Monday, May 24, 2010

LIFE: I've Survived the Vermin

I've had a few enquiries and expect maybe the odd visitor given some nice things Bobby Wolff said about me over at the bridgeblogging site. So here's the update.

I'm alive if not thriving. The bursitis has been brought under control by the cortisone shot. The rotator cuff issue remains as it has been for the last few years. The doctor's orders to "Don't do that," seem effective as long as it's conscious movement. Every now and then, I still idiotically reach behind me and then his 'cure' seems waaaaaaaay less effective. But I'm also following instructions to only work three hours straight and then take at least as long to 'recuperate.' Pain is a great motivator.

As far as the critters are concerned, I seem currently to be vermin-free. The bed bugs seem to have been blasted into oblivion. No sign of a single little vampire bug in the weeks since the bomb went off in the bedroom. And the aftermath of their assault on my shoulder has almost completely disappeared. There are still marks there seven weeks later and I wonder if they're permanent. Not exactly the kind of battle scars to make the girls swoon, but I'm long past the stage where that's important.

The raccoon mother and her kits seem to have left the garage for parts unknown. Expensive as all hell to make them go from one side of the garage wall to the other side. Yep, there's a city ordinance that prevents the critter-catcher from moving the raccoon more than a kilometre! In fact, he set up a box with a big circular hole in it just outside the wall of the garage (which is more like a dilapidated wooden shed). He then trapped the raccoon and it's kits. He made the mother watch as he placed the kits in the box and then released the mother. Over the next hour or so, she moved the kits out of the box elsewhere, one by one. According to the guy, the act of manhandling the children made it 'unlikely' that the mother would take up residence here again ... this spring. So far, he's been right.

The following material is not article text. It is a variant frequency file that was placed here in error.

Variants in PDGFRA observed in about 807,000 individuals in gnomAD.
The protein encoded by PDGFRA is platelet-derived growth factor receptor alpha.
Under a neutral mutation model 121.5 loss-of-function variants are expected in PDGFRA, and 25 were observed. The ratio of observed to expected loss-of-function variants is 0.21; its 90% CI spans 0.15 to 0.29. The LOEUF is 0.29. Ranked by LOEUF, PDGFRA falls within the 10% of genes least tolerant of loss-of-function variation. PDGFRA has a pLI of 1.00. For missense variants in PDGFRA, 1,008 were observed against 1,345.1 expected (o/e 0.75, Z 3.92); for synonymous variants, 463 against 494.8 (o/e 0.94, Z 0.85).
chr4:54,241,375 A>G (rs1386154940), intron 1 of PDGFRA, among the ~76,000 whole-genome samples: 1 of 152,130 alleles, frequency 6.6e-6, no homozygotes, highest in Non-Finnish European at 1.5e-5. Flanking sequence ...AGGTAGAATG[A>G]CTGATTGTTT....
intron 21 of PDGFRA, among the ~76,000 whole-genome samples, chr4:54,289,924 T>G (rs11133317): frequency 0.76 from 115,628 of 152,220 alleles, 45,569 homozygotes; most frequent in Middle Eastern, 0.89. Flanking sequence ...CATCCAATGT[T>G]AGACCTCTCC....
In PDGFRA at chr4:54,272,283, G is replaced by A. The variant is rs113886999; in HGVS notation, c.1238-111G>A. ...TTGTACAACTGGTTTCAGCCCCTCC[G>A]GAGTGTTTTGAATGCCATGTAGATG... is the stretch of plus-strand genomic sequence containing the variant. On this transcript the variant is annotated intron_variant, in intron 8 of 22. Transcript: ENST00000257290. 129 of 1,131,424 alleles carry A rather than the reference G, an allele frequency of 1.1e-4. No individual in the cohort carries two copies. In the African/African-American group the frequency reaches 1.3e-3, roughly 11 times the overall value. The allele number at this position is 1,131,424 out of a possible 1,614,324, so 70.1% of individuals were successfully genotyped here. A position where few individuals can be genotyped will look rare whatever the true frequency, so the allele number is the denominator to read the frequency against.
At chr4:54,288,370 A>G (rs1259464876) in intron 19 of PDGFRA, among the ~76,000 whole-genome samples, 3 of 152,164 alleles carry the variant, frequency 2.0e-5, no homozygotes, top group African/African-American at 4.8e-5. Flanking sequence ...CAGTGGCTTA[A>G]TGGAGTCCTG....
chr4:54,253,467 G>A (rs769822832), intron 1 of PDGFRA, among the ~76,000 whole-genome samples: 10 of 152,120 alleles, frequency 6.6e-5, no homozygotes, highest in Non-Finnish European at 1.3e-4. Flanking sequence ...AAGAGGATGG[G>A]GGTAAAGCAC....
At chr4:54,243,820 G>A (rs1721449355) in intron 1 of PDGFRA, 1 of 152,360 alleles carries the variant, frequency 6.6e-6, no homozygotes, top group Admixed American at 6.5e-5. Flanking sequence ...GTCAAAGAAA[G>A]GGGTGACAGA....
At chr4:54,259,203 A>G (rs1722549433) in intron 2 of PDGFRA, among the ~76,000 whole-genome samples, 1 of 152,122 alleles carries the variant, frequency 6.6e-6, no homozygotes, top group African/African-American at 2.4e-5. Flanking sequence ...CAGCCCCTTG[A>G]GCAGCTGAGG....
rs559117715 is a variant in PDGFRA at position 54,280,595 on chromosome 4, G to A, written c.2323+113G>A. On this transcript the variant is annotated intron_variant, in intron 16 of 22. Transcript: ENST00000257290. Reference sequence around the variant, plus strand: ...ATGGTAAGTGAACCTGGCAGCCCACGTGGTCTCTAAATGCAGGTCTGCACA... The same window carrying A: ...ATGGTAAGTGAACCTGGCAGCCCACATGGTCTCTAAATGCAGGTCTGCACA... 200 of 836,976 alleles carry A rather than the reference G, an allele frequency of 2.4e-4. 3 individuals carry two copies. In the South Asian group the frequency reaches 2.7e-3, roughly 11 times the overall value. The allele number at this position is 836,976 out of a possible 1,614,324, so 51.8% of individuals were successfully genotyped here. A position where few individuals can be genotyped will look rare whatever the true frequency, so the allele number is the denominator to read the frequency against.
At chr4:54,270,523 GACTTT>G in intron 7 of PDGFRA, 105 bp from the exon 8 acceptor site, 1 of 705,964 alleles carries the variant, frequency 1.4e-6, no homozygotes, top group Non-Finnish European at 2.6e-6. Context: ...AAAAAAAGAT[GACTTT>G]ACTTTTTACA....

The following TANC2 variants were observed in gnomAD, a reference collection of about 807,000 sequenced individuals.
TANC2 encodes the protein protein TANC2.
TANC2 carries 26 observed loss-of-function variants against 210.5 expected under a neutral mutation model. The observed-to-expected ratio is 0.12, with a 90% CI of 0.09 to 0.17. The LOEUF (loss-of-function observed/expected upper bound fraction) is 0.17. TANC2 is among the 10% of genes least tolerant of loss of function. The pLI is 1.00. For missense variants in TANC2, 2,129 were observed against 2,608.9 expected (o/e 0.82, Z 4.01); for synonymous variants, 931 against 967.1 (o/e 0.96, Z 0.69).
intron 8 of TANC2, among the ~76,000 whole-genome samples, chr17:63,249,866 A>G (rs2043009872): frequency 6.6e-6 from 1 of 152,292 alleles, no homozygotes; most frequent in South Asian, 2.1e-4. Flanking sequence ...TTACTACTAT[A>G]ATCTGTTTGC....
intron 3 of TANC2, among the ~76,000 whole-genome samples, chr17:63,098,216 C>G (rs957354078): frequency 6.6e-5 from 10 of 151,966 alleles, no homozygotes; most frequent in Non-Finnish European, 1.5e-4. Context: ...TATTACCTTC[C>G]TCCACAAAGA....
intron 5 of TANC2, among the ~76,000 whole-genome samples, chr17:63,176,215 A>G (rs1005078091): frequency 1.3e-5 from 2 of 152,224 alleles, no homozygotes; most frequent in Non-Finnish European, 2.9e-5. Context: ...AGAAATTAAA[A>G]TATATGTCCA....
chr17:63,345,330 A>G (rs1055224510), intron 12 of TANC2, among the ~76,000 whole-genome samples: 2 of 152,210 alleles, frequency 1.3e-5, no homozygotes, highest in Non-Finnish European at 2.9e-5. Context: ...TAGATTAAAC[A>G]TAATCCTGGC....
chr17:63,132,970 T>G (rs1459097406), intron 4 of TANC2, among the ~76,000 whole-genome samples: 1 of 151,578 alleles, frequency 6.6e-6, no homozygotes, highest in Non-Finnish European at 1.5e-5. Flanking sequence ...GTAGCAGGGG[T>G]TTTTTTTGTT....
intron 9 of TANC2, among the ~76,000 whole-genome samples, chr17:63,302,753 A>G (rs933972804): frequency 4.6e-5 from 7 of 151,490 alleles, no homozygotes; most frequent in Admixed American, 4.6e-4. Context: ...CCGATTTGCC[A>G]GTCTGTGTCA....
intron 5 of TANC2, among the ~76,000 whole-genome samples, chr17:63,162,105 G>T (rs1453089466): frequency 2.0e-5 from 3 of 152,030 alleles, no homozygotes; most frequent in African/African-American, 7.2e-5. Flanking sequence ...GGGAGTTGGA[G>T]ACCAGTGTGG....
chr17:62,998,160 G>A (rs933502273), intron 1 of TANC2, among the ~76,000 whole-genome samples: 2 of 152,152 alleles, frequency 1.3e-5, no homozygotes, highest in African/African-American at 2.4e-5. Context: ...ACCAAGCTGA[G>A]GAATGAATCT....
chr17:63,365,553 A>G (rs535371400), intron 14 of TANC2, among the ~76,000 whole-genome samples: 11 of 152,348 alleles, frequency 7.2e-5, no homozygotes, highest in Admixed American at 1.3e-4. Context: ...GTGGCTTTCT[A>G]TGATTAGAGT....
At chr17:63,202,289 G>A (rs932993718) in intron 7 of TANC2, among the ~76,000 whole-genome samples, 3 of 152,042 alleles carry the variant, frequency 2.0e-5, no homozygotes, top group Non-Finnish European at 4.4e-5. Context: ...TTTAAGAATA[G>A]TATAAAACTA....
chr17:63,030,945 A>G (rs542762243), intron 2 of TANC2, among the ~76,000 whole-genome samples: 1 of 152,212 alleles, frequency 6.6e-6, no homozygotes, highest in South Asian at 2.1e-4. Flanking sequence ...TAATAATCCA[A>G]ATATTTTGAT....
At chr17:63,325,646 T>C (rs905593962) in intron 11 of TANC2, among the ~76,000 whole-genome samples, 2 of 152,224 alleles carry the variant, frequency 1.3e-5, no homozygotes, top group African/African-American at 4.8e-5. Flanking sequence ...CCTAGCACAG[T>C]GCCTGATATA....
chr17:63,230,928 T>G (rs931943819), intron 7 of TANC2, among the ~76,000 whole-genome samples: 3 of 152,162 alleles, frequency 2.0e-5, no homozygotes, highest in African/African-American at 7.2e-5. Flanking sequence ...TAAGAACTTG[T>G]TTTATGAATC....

He also placed grilled fencing over the more obvious ground-level access points. Which were fewer than I thought. The ones in the rafters remain as easy-access as ever, if you're a pile of fur with a really flexible skeleton.

Which brings us to the future. The garage has always been there for two reasons, to store the recyclables and for storage of things by the rest of the family. Dad's wood pile (home of the raccoon this spring), Rick's boat (the raccoon latrine) and Wayne's truck parts. By summer's end, the garage will have been emptied out of those things, making nesting places unavailable next spring for any bandit-masked invaders from finding a comfy home again.

Plus, I will lay in a supply of coyote urine by then.

Yep, you read right. Coyote urine. Apparently available at hunting stores and apparently (no surprise) one of the least favourite scents a raccoon can come across. Definitely NOT a place to be housing babies near. Which is what I want.

But that DOES bring up a question. I know how you harvest milk, eggs, snake venom and all kinds of other animal products. Just how do you collect coyote urine?

Wait! There are some things that better remain mysteries.

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